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Meaningful Livelihoods


Meaningful livelihoods that allow people to meet their other needs

In a world where so much important work is being left undone, where needs are not being met and resources not being cared for appropriately, there should be no shortage of meaningful livelihoods anywhere on the planet.

 

 

Introduction

As members of the human community, we wish to make contributions to the larger community while providing for ourselves, commensurate with our abilities and our aspirations. We also expect commensurate support in return, which allows us to live in dignity. This is what earning a livelihood means; it may involve work for a monetary income, but it may also mean work in the household, and production for subsistence or barter. No person should be forced into work that they do not wish to do; if a job creates such hardship that nobody will voluntarily do it, payments or other rewards should be increased until somebody does voluntarily do it, or some way should be found to make that kind of labor unnecessary. In all cases, working people should have a large degree of autonomy, and share in the decisions that affect their working conditions and the benefits they gain from their work. Compensation for work must be large enough so that every working person can satisfy all their important needs. Under these conditions, any work that contributes productively to society can be meaningful. Any other type of work (for example, occupations that increase human misery) should be made unnecessary and eliminated. All these considerations should apply equally to all people, regardless of gender, skin color, ethnic or national origin, sexual orientation, religious or ideological belief, and so on. Then, we would live in a condition of abundance as far as work and livelihoods are concerned.

 

Context within NORA

Relationships to other Needs

People should have clean air to breathe and clean water to drink at the workplace. There is important work to be done to assure that our air and water remain clean, and under exceptional conditions that work may require exposure to polluted air or water, but ultimately the goal must be to generate minimal pollution in the first place.

Sufficient and nutritious food, appropriate to one’s cultural preferences and taste, is an important area where many jobs should be provided; income for all paid jobs needs to be sufficient to afford a healthy, nutritious diet.

Having a meaningful livelihood is a key aspect of being at home in the place where one lives.

A meaningful livelihood is a major aspect of self-expression, that is, of expressing what it is that one finds meaningful in life. No livelihood would be meaningful for every person, while most livelihoods that contribute something useful to society are meaningful to at least some people.

People need mobility in order to reach places of work. In many urban areas, particularly in cities where public transport is inadequate, there is a “spatial mismatch,” making it difficult for people from low-income areas to reach the locations where jobs are available. In such situations, either job opportunities need to emerge near where people live, or public transport needs to be improved.

Working and middle-class people all over the world are forced into jobs they dislike and to accept unacceptable working conditions by lack of economic security. Basic security is essential to create a truly free labor market – that is, a labor market in which every worker can freely decline any job offer. A meaningful livelihood conversely is an important condition for security, including food security, security in the case of illness, security in the face of old age.

As for all other needs, a meaningful livelihood needs to provide for adequate clothing and shelter. Many livelihoods are obtained within people's residences, including householding, many subsistence activities, and many artisanal occupations, so shelter can offer an important resource for a livelihood.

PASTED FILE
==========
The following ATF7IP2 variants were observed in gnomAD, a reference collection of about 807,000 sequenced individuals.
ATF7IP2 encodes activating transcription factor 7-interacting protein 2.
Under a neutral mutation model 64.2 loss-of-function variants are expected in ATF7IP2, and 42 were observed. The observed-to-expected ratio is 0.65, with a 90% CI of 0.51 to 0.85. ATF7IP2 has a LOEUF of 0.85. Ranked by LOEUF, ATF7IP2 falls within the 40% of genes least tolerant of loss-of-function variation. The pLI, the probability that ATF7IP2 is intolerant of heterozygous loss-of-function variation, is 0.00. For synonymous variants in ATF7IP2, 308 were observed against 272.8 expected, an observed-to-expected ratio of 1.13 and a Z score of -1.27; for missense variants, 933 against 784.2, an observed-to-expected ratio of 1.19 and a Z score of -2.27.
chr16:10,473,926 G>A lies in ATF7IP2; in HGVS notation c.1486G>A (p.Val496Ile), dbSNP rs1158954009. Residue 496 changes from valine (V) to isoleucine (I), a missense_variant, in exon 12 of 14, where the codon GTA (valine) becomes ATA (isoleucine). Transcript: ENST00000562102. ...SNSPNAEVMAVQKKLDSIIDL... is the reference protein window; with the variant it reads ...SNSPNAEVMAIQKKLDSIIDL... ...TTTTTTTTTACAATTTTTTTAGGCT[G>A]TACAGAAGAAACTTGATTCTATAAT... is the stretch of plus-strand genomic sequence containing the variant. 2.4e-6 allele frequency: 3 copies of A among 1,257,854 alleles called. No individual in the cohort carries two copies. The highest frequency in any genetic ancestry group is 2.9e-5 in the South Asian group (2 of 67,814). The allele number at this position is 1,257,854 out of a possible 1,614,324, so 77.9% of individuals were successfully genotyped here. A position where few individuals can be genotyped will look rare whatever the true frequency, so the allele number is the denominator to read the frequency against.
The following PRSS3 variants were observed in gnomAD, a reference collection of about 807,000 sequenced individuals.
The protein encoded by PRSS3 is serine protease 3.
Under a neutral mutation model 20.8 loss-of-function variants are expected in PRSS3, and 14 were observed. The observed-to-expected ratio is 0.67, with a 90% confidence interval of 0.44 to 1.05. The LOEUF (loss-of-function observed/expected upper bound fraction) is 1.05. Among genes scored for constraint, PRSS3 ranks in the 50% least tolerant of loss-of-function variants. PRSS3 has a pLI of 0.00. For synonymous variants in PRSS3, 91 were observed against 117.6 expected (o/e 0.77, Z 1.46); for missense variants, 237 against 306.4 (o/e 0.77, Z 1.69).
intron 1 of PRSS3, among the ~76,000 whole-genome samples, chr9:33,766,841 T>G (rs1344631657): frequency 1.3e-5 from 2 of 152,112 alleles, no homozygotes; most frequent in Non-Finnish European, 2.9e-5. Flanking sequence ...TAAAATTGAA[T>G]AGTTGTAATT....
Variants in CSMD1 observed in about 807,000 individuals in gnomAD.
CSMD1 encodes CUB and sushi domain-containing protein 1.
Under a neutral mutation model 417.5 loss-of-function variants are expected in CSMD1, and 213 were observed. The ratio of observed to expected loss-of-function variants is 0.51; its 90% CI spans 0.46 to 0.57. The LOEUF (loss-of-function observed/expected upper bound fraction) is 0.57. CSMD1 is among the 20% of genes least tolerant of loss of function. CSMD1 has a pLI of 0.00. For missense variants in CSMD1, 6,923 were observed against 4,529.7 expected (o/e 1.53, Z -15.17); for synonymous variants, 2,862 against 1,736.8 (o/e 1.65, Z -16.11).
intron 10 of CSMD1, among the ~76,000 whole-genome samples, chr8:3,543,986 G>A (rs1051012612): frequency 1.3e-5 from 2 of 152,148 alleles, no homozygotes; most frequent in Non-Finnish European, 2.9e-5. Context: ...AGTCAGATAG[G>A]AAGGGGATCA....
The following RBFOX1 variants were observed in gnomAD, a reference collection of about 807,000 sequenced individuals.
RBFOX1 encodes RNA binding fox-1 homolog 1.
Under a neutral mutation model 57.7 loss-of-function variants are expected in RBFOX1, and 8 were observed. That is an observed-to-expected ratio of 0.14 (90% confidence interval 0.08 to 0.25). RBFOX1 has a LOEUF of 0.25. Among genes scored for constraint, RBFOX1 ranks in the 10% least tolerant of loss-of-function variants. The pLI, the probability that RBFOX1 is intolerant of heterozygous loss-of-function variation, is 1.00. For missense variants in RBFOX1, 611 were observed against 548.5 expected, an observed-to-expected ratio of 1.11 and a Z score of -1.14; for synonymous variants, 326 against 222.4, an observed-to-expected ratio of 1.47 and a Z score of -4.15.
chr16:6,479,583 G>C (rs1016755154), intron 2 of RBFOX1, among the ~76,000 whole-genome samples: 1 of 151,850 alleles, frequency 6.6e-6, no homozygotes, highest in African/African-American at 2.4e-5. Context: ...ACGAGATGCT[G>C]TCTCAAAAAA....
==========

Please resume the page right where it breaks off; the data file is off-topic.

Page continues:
The social relationships at work should be supportive and empowering. In addition, people who have a meaningful and remunerative livelihood can effectively support others, including children, the elderly, the sick and the handicapped.

Any livelihood require opportunities to learn to acquire the necessary skills and knowledge; all people must have access to learning opportunities if they are to have access to economic opportunities.

A meaningful occupation must include participation in collective economic decision-making at the workplace.

One works in order to live, one does not live in order to work. Therefore, a meaningful occupation must allow enough time, before or after the work day, on weekdays and holidays, and during vacations, to allow for other things in life, including spiritual connection with one’s deeper self and with a transcendent unity.

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Relationships to Resources

In order to support their own livelihoods, people need access to resources, including the means of production relevant to their work (which may include water, land, energy, living things, or physical, human-made assets), and to the knowledge and information that they need in order to do their work successfully. Only if access to those resources is widely distributed can most people have meaningful livelihoods.

 

Relationships to Organizational forms

The organizational forms that allow people to have access to the resources they need in order to support meaningful livelihoods are those that provide for shared ownership, control, benefits, and responsibilities, such that one or a few owners do not obtain most of the benefits at the expense of the rest. These are the organizational forms that are listed as approaches to creating greater abundance, within all clusters of organizational forms except the cluster of "coercion and denial of choice."

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Understanding patterns of abundance and scarcity

The problem of alienation

A meaningful livelihood is often regarded as a luxury only available to the well-educated or the rich – it is regarded as something very scarce. All the rest of us are supposed to simply accept whatever the labor market offers us, whether that's work on the assembly-line factory job, as an accountant, a salesperson, a marketer, a garbage collector, or a prostitute. This represents a very high degree of alienation. However, it need not be so.